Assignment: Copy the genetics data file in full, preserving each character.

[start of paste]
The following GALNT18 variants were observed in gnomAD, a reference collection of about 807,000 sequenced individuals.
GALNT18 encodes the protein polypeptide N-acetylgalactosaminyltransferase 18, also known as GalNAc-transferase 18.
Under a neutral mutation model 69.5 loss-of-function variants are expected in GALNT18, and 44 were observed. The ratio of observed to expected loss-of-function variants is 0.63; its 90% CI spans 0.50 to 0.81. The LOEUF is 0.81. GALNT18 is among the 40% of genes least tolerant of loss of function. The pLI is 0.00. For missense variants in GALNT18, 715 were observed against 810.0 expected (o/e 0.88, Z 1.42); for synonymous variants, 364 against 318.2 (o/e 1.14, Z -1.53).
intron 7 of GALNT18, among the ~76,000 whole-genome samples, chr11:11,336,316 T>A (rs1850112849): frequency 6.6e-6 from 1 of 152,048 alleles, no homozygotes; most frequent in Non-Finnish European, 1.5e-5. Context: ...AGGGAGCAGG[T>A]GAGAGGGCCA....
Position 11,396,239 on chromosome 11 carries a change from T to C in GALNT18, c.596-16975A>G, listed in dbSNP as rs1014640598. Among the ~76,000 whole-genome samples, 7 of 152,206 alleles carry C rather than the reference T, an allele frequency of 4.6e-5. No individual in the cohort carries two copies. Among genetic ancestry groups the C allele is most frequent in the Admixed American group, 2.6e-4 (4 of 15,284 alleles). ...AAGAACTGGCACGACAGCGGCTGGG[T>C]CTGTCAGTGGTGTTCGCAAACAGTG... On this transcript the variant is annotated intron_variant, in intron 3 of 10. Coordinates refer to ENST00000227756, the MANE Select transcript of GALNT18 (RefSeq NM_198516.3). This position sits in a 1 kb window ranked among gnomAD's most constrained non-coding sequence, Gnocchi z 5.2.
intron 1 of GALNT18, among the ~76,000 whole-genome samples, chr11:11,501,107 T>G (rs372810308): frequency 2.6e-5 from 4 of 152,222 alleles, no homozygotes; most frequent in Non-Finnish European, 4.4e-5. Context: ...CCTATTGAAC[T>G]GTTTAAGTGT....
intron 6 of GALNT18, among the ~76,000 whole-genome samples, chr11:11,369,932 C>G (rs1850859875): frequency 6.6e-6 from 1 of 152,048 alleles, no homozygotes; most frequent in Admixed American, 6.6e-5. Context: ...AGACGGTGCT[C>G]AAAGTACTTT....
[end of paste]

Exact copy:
The following GALNT18 variants were observed in gnomAD, a reference collection of about 807,000 sequenced individuals.
GALNT18 encodes the protein polypeptide N-acetylgalactosaminyltransferase 18, also known as GalNAc-transferase 18.
Under a neutral mutation model 69.5 loss-of-function variants are expected in GALNT18, and 44 were observed. The ratio of observed to expected loss-of-function variants is 0.63; its 90% CI spans 0.50 to 0.81. The LOEUF is 0.81. GALNT18 is among the 40% of genes least tolerant of loss of function. The pLI is 0.00. For missense variants in GALNT18, 715 were observed against 810.0 expected (o/e 0.88, Z 1.42); for synonymous variants, 364 against 318.2 (o/e 1.14, Z -1.53).
intron 7 of GALNT18, among the ~76,000 whole-genome samples, chr11:11,336,316 T>A (rs1850112849): frequency 6.6e-6 from 1 of 152,048 alleles, no homozygotes; most frequent in Non-Finnish European, 1.5e-5. Context: ...AGGGAGCAGG[T>A]GAGAGGGCCA....
Position 11,396,239 on chromosome 11 carries a change from T to C in GALNT18, c.596-16975A>G, listed in dbSNP as rs1014640598. Among the ~76,000 whole-genome samples, 7 of 152,206 alleles carry C rather than the reference T, an allele frequency of 4.6e-5. No individual in the cohort carries two copies. Among genetic ancestry groups the C allele is most frequent in the Admixed American group, 2.6e-4 (4 of 15,284 alleles). ...AAGAACTGGCACGACAGCGGCTGGG[T>C]CTGTCAGTGGTGTTCGCAAACAGTG... On this transcript the variant is annotated intron_variant, in intron 3 of 10. Coordinates refer to ENST00000227756, the MANE Select transcript of GALNT18 (RefSeq NM_198516.3). This position sits in a 1 kb window ranked among gnomAD's most constrained non-coding sequence, Gnocchi z 5.2.
intron 1 of GALNT18, among the ~76,000 whole-genome samples, chr11:11,501,107 T>G (rs372810308): frequency 2.6e-5 from 4 of 152,222 alleles, no homozygotes; most frequent in Non-Finnish European, 4.4e-5. Context: ...CCTATTGAAC[T>G]GTTTAAGTGT....
intron 6 of GALNT18, among the ~76,000 whole-genome samples, chr11:11,369,932 C>G (rs1850859875): frequency 6.6e-6 from 1 of 152,048 alleles, no homozygotes; most frequent in Admixed American, 6.6e-5. Context: ...AGACGGTGCT[C>G]AAAGTACTTT....